Win98 Still Working: ESA Mars Exploration Satellite Gets Software Update After 19 Years
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Win98 Still Working: ESA Mars Exploration Satellite Gets Software Update After 19 Years.
Canadian astronaut Chris Hadfield (who became popular with David Bowie’s “Space Oddity” on the space station) recently said on his social media account that the European Space Agency‘s Mars Express satellite will receive a software update , to better search for Martian groundwater and to study and monitor Mars’ moon Phobos.
Since the software for this Mars exploration satellite was designed more than 20 years ago, it is still based on the Microsoft Windows 98 development environment.
ESA’s Mars Express was launched on June 2, 2003 by a Soyuz carrier rocket. It consists of two parts, the Mars Express satellite and the Beagle 2 lander.
The former is still running well, but the latter After reaching the Martian surface, contact was lost and the mission failed.
According to ESA, the Mars Express satellite will receive a series of upgrades to improve efficiency and quality by improving signal reception and onboard data processing.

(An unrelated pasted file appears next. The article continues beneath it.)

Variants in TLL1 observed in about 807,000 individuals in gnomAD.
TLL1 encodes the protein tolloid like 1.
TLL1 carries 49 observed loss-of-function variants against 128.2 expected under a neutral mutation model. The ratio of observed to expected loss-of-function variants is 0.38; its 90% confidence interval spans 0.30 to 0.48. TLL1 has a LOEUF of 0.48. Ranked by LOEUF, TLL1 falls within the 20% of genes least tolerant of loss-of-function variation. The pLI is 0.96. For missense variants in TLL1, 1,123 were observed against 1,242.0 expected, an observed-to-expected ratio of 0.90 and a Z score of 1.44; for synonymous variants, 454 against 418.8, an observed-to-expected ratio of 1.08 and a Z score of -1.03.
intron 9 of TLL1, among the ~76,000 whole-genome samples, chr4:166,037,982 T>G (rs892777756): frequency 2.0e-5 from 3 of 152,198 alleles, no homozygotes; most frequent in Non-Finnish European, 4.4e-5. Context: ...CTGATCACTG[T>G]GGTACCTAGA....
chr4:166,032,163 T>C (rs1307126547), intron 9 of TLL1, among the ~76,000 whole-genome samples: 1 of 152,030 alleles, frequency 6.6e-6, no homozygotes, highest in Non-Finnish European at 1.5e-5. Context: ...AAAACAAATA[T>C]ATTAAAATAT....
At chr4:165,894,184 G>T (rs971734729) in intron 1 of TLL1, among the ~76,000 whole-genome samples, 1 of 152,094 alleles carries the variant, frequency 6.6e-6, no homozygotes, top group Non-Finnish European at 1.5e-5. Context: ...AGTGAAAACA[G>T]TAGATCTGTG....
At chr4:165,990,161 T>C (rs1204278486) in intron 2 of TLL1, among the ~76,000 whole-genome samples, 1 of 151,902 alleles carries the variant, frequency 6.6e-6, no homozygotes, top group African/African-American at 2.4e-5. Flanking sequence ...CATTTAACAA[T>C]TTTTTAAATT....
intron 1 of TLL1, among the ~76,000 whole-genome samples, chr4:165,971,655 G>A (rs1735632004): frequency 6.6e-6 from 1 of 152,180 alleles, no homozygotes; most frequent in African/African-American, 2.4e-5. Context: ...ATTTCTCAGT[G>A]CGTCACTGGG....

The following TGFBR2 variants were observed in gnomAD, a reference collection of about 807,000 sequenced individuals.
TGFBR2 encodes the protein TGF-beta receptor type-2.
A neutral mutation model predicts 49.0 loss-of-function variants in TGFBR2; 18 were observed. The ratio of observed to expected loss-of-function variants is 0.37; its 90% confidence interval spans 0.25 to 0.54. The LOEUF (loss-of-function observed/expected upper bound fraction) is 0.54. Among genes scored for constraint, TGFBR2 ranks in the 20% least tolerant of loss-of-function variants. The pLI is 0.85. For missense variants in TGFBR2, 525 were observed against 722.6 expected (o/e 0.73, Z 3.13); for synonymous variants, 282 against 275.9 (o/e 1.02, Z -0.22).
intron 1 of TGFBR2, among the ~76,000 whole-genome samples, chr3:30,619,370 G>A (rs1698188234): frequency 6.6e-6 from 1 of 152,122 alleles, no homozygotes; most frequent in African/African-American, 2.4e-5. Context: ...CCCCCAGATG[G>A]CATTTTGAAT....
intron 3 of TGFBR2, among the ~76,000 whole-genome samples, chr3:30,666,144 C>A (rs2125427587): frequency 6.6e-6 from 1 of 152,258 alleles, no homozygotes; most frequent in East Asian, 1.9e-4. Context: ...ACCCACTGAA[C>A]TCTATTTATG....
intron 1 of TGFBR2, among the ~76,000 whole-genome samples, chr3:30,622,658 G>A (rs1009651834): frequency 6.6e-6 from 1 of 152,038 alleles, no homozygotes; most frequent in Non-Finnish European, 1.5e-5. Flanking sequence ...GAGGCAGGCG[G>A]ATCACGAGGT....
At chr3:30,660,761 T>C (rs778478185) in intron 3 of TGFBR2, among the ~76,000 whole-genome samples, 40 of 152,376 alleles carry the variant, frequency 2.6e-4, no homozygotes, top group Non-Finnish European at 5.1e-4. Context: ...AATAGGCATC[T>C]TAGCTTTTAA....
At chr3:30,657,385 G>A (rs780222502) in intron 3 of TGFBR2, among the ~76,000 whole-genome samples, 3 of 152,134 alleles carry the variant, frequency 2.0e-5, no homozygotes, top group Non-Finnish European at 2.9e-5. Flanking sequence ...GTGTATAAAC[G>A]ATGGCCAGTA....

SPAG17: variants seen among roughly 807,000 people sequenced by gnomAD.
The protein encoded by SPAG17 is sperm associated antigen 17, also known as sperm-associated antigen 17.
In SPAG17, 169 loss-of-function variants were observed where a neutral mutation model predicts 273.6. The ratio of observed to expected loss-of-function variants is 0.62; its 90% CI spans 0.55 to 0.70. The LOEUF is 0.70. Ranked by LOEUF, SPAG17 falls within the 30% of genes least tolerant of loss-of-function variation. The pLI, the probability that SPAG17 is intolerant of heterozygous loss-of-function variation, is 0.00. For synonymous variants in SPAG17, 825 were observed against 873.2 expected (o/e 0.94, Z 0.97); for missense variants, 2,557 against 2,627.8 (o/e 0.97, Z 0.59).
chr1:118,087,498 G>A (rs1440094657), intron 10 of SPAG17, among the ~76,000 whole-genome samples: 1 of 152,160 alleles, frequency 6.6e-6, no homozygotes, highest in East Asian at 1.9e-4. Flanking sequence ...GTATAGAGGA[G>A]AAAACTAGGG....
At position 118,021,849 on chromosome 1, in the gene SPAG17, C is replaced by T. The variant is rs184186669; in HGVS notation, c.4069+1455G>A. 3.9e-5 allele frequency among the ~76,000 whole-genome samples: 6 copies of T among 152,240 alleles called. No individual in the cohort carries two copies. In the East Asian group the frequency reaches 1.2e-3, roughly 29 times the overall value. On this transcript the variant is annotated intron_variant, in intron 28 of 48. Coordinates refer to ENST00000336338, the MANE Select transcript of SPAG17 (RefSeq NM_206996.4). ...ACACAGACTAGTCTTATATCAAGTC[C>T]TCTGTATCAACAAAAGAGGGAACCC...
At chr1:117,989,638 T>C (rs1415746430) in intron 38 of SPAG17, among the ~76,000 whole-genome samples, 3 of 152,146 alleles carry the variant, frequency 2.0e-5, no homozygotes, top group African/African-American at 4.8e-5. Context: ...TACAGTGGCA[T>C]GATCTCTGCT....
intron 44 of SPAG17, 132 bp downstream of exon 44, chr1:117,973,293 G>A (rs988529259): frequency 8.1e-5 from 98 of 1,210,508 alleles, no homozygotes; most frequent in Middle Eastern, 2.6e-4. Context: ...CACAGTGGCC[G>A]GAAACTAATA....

The related upgrades will be carried out by the Italian National Institute for Astrophysics (INAF), and engineers involved in the work to make the MARSIS radio wave instrument work better admit it is a daunting challenge.
It is not clear which chip Mars Express uses, but the theory is at least Pentium 90 or above. Mars Express is not the first space exploration instrument equipped with an x86 architecture CPU.
The Hubble Space Telescope uses the 80386, which was later replaced by the 80486 during maintenance in 1999.
Of course, NASA’s favorite CPU is the customized PowerPC 750, which is the same structure as the processor in Apple’s iMac G3.
Last year, the Perseverance rover successfully landed on the surface of Mars. This CPU is also used .
This custom chip has been specially treated for radiation protection, known as RAD750, and is custom-manufactured by BAE Systems.
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